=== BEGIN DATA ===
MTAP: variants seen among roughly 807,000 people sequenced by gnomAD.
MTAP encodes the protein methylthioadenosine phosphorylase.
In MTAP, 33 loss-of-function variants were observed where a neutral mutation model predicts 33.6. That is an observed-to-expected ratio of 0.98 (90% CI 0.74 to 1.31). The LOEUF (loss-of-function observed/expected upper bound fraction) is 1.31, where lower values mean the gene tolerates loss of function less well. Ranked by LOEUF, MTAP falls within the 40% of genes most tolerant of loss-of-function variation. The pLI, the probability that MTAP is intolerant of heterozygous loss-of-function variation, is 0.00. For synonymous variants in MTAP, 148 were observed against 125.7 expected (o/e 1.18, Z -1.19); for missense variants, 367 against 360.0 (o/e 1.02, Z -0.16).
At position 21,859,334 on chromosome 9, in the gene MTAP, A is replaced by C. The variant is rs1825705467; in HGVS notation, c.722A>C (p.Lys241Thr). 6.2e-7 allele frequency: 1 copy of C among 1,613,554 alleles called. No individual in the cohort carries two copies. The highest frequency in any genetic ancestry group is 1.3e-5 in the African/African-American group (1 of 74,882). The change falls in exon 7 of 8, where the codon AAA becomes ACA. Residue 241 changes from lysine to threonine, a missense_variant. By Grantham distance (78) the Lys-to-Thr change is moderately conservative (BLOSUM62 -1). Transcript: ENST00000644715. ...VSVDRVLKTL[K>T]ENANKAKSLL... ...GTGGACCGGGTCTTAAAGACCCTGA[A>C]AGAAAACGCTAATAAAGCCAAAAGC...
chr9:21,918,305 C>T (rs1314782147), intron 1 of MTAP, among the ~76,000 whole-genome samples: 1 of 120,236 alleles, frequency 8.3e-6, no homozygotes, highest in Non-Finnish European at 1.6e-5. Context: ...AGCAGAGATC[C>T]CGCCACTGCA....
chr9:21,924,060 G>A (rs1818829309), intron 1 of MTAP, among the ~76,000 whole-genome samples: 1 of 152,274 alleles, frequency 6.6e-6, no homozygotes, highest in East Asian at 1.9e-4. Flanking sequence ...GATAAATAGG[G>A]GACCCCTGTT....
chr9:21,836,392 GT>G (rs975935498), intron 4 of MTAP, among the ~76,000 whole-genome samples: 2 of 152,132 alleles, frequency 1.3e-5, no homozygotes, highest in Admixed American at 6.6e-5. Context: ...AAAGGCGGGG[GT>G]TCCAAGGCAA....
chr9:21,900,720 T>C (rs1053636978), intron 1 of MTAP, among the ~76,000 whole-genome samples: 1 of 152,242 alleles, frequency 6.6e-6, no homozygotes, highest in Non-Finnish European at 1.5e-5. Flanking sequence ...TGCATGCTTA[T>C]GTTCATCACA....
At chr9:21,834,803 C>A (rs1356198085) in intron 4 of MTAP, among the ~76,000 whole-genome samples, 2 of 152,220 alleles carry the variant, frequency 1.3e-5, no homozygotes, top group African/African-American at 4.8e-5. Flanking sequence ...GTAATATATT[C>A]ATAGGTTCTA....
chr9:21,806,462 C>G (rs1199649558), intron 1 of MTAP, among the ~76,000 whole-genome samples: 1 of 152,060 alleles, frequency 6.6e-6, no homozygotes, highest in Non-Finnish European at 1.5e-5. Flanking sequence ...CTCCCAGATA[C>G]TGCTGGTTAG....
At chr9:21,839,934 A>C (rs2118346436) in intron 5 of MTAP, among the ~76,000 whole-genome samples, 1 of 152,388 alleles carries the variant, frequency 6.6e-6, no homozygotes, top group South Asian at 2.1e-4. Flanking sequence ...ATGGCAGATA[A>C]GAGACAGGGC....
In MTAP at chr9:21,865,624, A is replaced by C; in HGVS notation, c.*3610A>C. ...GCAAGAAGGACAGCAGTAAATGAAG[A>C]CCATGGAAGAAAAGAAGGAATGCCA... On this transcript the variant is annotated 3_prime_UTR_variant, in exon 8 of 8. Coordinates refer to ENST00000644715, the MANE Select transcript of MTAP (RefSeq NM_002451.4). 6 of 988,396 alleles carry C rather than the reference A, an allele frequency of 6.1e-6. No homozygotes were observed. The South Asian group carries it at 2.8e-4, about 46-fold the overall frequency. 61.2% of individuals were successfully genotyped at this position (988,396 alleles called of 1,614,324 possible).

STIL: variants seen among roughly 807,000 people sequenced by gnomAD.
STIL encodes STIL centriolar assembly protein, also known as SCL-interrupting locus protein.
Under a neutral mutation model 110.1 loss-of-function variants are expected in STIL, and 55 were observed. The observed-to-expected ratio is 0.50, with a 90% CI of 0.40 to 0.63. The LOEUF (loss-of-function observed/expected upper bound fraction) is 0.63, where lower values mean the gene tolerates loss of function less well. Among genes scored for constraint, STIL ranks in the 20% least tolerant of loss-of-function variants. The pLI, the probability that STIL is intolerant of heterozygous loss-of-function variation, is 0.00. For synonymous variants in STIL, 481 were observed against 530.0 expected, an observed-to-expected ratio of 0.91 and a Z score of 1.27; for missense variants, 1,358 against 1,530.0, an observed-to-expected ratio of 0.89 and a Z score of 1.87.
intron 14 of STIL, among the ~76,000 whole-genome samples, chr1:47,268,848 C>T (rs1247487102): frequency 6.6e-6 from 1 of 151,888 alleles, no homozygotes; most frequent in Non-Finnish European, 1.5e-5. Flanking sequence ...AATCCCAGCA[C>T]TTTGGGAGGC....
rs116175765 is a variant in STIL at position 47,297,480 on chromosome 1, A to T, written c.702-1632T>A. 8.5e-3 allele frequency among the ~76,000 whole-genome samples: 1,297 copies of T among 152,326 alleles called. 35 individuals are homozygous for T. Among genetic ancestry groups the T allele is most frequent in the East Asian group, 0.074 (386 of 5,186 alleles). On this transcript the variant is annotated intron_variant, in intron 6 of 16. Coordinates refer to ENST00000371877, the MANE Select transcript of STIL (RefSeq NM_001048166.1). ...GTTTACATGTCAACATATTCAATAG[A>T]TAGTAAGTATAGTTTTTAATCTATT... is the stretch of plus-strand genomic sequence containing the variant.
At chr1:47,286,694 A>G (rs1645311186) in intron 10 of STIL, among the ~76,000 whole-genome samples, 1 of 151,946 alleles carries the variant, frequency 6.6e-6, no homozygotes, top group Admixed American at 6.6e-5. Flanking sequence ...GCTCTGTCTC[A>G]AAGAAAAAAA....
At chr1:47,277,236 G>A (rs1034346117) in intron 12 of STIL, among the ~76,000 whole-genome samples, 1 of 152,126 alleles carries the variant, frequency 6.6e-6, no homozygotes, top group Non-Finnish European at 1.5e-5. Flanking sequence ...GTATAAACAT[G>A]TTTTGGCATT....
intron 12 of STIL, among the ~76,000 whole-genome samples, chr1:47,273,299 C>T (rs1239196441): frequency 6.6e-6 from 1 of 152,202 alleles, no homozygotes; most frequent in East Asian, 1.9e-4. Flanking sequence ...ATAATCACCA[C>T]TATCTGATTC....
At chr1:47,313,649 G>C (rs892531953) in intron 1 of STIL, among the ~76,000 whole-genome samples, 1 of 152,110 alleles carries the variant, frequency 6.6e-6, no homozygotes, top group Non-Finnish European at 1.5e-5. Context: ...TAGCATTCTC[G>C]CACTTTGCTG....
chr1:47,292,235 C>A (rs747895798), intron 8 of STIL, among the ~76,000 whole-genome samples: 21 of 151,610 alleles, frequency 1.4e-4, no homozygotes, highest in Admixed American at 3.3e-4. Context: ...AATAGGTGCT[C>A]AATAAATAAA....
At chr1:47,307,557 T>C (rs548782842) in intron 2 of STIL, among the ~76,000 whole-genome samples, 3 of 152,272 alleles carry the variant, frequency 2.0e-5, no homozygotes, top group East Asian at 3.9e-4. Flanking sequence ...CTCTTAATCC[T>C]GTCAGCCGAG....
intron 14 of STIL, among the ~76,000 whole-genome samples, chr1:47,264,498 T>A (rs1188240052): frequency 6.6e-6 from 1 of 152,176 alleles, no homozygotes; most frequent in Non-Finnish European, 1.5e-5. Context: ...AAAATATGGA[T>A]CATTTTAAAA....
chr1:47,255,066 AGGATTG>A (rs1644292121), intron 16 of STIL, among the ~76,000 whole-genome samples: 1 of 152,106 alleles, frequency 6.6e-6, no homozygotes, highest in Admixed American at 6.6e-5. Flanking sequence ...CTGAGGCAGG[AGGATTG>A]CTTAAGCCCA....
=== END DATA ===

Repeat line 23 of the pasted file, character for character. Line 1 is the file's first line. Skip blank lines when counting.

At chr1:47,307,557 T>C (rs548782842) in intron 2 of STIL, among the ~76,000 whole-genome samples, 3 of 152,272 alleles carry the variant, frequency 2.0e-5, no homozygotes, top group East Asian at 3.9e-4. Flanking sequence ...CTCTTAATCC[T>C]GTCAGCCGAG....